advertisement
advertisement

Careers: Taking Personal Branding to the Road

Someone was complaining to me the other day about his boss, a high level apparel executive, who never takes time to visit a customer. The boss’ world has become his desk and computer. Which made me think that while everyone talks today about how the Internet has expanded our world, in some ways ironically it has made it smaller. Given the ease of emailing, text messaging, webinaring, teleseminaring and ecommercing, we’re taking less and less time to hit the road and viscerally connect with customers and prospects.

advertisement
advertisement
advertisement

Someone was complaining to me the other day about his boss, a high level apparel executive, who never takes time to visit a customer. The boss’ world has become his desk and computer.

advertisement
advertisement

Which made me think that while everyone talks today about how the Internet has expanded our world, in some ways ironically it has made it smaller.

Given the ease of emailing, text messaging, webinaring, teleseminaring and ecommercing, we’re taking less and less time to hit the road and viscerally connect with customers and prospects.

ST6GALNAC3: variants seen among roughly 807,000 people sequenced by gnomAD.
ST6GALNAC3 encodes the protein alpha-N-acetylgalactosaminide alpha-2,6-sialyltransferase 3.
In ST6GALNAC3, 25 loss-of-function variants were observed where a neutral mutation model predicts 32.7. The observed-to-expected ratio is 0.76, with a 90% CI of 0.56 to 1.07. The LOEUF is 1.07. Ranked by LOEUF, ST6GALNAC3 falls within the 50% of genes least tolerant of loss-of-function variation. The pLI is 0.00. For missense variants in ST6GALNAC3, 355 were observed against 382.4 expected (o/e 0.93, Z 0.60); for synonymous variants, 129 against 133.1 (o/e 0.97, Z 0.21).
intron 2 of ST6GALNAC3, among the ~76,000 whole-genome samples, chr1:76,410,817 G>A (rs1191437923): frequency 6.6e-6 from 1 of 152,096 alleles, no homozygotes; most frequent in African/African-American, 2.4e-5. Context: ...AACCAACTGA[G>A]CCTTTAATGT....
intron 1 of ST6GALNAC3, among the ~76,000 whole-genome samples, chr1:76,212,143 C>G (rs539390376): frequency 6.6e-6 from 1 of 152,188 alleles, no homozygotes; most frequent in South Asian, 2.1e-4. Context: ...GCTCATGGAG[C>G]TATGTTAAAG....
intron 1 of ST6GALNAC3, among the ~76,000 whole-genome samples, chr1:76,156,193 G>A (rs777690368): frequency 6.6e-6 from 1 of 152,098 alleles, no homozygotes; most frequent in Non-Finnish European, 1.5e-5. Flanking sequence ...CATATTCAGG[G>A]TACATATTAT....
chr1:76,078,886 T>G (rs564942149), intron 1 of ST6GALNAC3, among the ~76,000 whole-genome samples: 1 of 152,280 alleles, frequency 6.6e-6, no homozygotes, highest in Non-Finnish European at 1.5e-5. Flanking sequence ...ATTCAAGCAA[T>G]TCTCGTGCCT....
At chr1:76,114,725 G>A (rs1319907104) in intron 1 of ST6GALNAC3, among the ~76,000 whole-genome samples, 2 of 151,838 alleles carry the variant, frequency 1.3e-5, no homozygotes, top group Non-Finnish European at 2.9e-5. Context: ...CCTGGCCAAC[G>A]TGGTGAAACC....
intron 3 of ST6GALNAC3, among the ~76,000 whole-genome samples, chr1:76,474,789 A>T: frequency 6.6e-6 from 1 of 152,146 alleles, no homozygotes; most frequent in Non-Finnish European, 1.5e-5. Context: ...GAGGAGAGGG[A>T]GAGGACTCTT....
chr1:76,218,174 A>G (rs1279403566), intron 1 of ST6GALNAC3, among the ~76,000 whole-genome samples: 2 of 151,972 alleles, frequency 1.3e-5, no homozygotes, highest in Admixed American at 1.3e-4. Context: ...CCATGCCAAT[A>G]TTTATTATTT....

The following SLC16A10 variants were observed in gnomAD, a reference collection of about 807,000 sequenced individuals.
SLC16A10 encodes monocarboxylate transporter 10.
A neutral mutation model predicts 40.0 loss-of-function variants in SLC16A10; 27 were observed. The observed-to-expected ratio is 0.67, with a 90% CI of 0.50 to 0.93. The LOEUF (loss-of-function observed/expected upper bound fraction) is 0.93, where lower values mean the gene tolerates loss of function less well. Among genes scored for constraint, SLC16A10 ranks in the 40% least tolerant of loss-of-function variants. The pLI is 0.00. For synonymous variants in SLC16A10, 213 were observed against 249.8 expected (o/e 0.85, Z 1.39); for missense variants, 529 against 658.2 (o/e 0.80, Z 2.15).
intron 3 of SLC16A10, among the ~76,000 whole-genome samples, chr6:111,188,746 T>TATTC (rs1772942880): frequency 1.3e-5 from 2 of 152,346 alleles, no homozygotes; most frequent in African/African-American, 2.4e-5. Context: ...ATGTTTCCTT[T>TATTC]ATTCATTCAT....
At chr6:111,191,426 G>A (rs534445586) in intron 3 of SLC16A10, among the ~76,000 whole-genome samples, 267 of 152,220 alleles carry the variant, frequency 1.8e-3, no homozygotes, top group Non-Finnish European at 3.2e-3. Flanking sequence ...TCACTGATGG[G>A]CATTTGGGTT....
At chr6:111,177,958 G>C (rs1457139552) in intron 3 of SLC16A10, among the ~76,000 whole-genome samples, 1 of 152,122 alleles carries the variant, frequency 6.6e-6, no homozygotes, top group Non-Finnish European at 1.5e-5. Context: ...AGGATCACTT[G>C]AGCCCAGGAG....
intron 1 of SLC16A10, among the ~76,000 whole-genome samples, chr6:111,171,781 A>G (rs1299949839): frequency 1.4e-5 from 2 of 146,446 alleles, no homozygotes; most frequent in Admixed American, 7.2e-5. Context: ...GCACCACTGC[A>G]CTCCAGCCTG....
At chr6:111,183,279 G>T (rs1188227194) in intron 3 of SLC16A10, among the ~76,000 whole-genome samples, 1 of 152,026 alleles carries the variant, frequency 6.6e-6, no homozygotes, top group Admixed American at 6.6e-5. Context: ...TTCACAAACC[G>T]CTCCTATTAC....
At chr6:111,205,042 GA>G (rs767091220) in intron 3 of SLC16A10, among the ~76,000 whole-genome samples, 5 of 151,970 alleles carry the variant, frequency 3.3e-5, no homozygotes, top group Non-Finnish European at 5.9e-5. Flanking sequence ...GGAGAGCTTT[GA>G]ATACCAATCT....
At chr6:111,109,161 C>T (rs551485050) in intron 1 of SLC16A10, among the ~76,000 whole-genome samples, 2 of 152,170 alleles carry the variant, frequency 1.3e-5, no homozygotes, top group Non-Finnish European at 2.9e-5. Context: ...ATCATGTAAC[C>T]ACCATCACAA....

If you’re like me you believe in the dictum of “listening to the customer.” But are we truly listening from the confines of our offices? There’s an excellent article with the wonderful title, “See for Yourself,” in the fall issue of Strategy and Business, that makes the point for firsthand observation with this pithy quote:

advertisement
advertisement

“What exercise is to weight loss, firsthand observation is to corporate success.”

The article argues that executives and companies that have a culture of face-to-face interactions have a superior mindset. The authors Tim Laseter and Larry Laseter write:

“Embracing firsthand observation as an integral part of your personal management style and embedding it in a company’s culture can break the fad cycle…and produce enduring results rather than just temporary improvement.”

advertisement

You need to continually refreshen your personal brand by staying on the frontlines of your customers and prospects. Otherwise your brand will develop a musty, academic smell that has as much value as yesterday’s leftovers.

What are doing to keep your brand fresh?

Wendy Marx • Public Relations/Marketing Communications • President, Marx Communications, Inc. • wendy@marxcommunications.com

advertisement

tag technorati:
self-promotion,
careers,
public-relations,
personal branding,
personal brand,
branding

About the author

Wendy Marx is the president of Thriving at 50+, a personal branding, and a career reinvention coach for people 50 and up. She's sought after for her ability to turn virtually unknown people into brands of distinction

More